On Friday, food writer Corby Kummer joined Boston Public Radio to discuss a recent article in "The Conversation," positing that city rat populations could be lowered not by increasing the use of rodenticides, but by wasting less food.

"This a story saying, stop wasting so much food. Be a lot more careful about throwing out food, and be a lot more careful when you do throw it out,” Kummer said.

In January, Malibu, Calif., banned rodenticides in an attempt to protect the local non-rat wildlife. A bill to make that ban statewide failed to pass the state Senate, but may reappear. Boston, meanwhile, continues to use rodenticides.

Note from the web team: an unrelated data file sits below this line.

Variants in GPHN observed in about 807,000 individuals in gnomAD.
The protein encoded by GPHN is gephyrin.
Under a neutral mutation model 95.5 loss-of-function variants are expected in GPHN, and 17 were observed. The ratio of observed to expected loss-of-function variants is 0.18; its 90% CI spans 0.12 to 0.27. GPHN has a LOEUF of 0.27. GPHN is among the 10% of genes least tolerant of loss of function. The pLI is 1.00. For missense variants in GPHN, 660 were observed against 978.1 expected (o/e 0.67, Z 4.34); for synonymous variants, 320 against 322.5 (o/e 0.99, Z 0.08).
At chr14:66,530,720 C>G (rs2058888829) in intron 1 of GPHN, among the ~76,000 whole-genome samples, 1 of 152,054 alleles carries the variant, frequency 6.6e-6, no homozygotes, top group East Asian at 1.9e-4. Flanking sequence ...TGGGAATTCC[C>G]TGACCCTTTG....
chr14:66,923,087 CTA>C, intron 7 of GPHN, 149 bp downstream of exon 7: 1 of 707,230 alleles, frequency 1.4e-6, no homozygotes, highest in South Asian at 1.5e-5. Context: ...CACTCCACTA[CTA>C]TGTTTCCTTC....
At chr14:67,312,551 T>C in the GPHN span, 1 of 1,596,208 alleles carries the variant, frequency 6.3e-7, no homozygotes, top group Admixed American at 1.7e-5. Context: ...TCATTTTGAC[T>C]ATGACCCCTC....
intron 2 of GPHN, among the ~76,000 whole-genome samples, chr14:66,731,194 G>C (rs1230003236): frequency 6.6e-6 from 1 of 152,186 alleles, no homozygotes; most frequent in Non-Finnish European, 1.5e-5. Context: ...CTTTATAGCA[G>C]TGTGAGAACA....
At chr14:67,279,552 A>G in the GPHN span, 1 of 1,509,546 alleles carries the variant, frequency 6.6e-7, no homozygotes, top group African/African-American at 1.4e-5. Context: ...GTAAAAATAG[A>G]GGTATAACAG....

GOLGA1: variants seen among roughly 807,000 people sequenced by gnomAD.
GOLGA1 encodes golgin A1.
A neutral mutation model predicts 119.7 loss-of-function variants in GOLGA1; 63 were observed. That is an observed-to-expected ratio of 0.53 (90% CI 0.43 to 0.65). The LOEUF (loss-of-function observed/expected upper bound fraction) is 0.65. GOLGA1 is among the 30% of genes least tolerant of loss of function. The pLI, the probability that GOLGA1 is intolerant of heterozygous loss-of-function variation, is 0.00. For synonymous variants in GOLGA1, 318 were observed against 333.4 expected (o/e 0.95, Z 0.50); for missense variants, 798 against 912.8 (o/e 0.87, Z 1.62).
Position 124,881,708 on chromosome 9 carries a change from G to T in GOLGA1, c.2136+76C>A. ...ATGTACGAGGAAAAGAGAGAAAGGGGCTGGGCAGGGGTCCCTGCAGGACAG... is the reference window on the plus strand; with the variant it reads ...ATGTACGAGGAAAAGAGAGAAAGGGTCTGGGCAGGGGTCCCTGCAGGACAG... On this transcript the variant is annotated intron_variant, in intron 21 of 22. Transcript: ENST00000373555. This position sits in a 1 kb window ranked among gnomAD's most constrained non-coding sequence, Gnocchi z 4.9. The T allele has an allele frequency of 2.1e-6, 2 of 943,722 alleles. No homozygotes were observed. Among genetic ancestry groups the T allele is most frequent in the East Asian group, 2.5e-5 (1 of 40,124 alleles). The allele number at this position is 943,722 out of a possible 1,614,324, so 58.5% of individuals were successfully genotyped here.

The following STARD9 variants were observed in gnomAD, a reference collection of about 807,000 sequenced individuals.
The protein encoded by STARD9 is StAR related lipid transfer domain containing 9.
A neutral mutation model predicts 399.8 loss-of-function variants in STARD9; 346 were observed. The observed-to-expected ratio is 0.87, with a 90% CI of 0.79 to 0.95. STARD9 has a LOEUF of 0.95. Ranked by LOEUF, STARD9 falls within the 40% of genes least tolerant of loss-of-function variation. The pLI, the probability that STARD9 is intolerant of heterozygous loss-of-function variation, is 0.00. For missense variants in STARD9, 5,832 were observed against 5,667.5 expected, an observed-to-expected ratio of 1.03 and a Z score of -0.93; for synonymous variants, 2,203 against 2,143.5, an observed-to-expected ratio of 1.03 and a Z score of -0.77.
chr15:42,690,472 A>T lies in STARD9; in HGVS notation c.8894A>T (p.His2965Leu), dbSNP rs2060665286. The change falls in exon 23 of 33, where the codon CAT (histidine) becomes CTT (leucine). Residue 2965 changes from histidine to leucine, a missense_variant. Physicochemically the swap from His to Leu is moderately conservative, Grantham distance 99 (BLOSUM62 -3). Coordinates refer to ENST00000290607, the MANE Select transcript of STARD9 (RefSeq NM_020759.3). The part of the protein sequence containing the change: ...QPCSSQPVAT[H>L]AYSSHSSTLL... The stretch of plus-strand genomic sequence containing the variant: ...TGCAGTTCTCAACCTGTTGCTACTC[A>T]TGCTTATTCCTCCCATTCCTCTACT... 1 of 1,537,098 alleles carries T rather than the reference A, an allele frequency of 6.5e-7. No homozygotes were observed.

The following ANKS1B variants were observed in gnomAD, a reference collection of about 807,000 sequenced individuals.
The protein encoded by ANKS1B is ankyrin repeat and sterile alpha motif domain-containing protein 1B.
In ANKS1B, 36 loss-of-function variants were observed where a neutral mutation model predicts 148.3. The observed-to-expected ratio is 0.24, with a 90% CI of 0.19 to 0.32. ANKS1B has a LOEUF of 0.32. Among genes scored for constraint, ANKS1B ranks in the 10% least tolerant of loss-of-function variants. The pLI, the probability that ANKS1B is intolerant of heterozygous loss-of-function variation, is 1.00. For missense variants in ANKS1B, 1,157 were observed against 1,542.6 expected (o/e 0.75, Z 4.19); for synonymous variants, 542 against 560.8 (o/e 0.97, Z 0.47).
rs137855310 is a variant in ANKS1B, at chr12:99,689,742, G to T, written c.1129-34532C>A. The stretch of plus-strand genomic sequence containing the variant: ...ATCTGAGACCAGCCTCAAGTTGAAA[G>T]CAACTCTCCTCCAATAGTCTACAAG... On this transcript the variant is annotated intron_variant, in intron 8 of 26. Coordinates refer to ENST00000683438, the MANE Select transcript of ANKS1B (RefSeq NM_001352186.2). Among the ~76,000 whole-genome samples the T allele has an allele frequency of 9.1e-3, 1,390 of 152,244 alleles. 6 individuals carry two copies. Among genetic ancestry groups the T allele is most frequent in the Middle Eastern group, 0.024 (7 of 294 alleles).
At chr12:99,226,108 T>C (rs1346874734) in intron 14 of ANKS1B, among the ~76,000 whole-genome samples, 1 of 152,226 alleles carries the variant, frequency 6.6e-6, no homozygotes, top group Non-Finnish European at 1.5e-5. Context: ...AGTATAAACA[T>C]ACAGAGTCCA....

Read More: Rethinking The Way We Handle Rats

“Rats are like people,” Kummer said. “They like exactly the same food that people do, and in fact they have evolved in different countries — in Paris … they like butter, cheese and croissants!”

(Readers will of course recall the iconic New York City Pizza Rat, who went viral in 2015.)

“[Rats] like what people dump and put into open garbage cans. That’s what they evolve to eat. It’s what keeps them alive,” he said.

Kummer also discussed his recent article for "Vanity Fair" about the future of fine dining and the chefs who are reimagining it.

Kummer is a senior editor at The Atlantic, an award-winning food writer, and a senior lecturer at the Tufts Friedman School of Nutrition and Policy.